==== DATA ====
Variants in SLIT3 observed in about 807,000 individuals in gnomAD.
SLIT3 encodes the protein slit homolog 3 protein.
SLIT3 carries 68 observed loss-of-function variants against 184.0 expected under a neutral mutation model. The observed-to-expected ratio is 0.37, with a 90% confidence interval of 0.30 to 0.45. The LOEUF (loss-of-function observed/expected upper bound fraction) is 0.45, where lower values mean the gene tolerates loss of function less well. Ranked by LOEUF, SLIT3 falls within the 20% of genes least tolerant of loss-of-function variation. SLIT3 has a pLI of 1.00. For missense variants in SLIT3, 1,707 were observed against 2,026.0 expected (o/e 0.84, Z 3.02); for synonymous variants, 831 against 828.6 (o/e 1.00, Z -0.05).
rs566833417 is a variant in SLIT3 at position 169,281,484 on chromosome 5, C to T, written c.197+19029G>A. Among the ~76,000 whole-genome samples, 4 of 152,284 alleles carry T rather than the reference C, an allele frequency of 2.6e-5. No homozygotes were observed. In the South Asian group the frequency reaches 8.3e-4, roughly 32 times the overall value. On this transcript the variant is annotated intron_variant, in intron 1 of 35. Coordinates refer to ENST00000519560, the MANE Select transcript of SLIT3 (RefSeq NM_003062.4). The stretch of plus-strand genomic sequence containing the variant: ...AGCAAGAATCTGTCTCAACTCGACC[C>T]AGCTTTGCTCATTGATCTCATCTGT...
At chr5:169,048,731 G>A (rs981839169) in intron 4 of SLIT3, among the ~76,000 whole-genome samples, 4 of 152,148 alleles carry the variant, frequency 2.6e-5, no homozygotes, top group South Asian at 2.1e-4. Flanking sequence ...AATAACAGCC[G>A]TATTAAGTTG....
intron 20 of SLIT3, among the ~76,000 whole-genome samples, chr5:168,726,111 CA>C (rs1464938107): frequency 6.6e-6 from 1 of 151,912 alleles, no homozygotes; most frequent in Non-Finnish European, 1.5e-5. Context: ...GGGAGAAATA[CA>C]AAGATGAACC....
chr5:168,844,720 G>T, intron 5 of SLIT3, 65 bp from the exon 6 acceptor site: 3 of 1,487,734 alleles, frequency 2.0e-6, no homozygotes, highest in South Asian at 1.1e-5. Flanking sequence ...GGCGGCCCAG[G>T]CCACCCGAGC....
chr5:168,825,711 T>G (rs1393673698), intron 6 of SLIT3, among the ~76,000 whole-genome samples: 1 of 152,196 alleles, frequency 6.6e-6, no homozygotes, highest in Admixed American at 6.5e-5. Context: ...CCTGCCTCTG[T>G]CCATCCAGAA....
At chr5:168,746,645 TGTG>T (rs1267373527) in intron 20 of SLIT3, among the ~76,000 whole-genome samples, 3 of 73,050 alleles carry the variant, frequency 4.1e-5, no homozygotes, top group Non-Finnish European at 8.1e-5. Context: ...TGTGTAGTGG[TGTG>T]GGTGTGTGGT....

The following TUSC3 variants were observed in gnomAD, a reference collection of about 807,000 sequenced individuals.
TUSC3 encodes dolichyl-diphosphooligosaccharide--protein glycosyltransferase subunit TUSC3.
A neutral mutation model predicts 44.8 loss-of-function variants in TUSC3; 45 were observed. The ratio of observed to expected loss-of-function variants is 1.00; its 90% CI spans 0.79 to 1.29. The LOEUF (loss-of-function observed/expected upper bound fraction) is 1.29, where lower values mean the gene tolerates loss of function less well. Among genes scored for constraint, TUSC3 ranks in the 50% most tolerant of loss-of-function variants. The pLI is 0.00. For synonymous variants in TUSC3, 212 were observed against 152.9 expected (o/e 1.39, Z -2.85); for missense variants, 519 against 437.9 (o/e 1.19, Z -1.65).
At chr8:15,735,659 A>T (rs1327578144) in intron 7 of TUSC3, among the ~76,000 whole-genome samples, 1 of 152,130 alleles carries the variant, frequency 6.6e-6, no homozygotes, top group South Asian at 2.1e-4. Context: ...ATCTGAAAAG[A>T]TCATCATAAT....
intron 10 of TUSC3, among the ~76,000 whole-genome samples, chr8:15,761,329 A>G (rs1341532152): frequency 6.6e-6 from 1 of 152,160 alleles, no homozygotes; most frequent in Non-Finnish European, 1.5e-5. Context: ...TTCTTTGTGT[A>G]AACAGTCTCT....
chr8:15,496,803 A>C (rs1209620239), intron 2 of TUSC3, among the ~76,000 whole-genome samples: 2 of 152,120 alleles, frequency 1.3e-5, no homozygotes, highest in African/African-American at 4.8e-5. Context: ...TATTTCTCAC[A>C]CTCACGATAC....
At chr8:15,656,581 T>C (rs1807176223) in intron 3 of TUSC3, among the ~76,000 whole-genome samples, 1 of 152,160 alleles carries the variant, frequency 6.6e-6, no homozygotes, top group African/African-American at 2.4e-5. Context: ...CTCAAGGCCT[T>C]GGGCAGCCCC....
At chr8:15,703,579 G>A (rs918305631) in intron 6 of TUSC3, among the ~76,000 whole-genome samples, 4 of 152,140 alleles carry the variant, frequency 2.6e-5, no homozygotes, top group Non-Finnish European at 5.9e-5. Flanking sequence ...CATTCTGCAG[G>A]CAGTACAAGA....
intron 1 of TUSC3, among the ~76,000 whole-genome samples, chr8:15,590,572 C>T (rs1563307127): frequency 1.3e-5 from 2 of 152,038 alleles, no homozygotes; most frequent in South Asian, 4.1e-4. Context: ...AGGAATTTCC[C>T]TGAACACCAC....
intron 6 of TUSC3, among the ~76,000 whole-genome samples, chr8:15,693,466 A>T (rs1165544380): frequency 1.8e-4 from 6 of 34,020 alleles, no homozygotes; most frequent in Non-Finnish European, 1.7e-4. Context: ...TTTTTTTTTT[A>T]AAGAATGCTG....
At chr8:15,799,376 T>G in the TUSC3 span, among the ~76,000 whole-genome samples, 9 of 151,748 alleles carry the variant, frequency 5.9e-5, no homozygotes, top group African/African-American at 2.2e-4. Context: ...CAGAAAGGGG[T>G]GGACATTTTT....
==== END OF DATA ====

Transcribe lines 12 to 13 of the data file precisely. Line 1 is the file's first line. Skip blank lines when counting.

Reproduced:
A neutral mutation model predicts 44.8 loss-of-function variants in TUSC3; 45 were observed. The ratio of observed to expected loss-of-function variants is 1.00; its 90% CI spans 0.79 to 1.29. The LOEUF (loss-of-function observed/expected upper bound fraction) is 1.29, where lower values mean the gene tolerates loss of function less well. Among genes scored for constraint, TUSC3 ranks in the 50% most tolerant of loss-of-function variants. The pLI is 0.00. For synonymous variants in TUSC3, 212 were observed against 152.9 expected (o/e 1.39, Z -2.85); for missense variants, 519 against 437.9 (o/e 1.19, Z -1.65).
At chr8:15,735,659 A>T (rs1327578144) in intron 7 of TUSC3, among the ~76,000 whole-genome samples, 1 of 152,130 alleles carries the variant, frequency 6.6e-6, no homozygotes, top group South Asian at 2.1e-4. Context: ...ATCTGAAAAG[A>T]TCATCATAAT....